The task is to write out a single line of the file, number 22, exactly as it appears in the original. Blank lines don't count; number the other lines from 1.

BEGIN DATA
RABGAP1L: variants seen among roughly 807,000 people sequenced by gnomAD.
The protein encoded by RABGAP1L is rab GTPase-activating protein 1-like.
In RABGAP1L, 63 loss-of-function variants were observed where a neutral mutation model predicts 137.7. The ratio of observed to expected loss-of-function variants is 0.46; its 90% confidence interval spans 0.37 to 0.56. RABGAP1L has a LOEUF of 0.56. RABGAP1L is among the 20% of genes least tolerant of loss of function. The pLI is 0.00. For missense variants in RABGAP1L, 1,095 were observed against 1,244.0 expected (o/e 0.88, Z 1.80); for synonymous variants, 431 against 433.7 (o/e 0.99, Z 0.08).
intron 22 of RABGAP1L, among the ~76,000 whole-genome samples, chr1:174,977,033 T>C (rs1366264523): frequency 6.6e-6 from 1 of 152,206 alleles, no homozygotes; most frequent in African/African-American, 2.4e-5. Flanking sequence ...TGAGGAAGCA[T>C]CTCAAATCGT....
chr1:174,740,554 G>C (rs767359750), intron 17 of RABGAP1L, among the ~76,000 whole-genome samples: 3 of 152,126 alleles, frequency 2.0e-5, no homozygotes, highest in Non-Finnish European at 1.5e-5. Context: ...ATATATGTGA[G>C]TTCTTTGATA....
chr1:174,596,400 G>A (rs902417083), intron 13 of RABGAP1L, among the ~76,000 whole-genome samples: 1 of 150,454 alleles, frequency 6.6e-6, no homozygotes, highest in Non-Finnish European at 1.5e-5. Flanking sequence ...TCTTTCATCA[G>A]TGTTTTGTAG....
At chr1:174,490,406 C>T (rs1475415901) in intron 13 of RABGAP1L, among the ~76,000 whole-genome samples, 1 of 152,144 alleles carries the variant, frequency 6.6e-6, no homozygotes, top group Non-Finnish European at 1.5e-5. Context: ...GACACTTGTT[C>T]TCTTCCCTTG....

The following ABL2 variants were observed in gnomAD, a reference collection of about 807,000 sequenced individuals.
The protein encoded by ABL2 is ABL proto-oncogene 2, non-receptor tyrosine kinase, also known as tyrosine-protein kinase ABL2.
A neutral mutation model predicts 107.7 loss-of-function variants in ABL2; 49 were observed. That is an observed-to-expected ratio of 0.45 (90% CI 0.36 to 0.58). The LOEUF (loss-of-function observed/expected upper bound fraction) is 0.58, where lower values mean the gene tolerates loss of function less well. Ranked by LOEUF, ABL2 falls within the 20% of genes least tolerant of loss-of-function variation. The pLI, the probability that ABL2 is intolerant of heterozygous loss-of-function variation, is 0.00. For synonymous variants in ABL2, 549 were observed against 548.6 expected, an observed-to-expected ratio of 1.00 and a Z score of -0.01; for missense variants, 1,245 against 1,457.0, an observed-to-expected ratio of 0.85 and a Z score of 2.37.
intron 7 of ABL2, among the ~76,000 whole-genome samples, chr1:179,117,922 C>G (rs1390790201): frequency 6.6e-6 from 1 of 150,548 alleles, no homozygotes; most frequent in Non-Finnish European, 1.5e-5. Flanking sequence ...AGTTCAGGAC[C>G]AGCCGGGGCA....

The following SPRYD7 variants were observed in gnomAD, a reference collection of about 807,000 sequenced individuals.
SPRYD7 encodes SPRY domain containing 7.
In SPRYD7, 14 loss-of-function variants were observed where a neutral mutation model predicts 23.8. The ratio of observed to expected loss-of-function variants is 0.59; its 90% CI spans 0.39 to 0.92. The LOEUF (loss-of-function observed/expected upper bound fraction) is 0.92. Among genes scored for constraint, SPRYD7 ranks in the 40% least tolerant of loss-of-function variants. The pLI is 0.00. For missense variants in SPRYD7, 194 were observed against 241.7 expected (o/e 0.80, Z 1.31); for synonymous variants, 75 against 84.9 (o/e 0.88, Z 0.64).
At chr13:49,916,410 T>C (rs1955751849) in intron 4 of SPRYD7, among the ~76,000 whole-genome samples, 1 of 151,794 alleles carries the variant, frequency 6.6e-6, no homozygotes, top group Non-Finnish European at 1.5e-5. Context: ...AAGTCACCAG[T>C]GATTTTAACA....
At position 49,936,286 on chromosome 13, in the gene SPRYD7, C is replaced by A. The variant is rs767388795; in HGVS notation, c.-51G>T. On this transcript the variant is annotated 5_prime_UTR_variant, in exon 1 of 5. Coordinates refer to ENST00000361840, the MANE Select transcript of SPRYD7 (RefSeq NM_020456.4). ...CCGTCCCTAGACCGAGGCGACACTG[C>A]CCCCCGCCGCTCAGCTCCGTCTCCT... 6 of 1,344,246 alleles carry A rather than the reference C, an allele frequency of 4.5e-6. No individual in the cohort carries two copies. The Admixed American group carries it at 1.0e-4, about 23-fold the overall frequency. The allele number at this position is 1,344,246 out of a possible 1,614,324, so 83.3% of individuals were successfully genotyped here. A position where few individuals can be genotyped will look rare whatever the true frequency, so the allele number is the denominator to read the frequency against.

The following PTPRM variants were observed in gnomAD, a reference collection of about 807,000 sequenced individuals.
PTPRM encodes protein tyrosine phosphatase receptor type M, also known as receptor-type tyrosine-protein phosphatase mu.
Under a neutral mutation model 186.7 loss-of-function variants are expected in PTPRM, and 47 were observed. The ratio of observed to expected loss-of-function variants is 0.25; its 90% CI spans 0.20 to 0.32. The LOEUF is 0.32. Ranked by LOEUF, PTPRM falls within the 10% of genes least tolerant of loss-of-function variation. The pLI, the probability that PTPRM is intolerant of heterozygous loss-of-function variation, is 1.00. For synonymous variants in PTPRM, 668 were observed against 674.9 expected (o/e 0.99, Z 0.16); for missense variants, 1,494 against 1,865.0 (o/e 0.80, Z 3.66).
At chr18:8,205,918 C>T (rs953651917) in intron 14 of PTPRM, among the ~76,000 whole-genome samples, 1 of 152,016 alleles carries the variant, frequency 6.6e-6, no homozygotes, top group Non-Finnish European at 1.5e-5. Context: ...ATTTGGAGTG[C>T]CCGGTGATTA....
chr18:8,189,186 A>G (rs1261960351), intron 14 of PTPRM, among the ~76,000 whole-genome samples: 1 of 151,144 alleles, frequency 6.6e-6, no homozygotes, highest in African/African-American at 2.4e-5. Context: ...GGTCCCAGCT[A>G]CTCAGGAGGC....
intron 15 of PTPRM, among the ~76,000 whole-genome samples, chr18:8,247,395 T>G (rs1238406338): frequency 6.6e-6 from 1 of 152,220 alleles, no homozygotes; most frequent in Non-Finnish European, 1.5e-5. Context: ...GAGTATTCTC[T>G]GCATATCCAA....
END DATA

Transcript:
intron 15 of PTPRM, among the ~76,000 whole-genome samples, chr18:8,247,395 T>G (rs1238406338): frequency 6.6e-6 from 1 of 152,220 alleles, no homozygotes; most frequent in Non-Finnish European, 1.5e-5. Context: ...GAGTATTCTC[T>G]GCATATCCAA....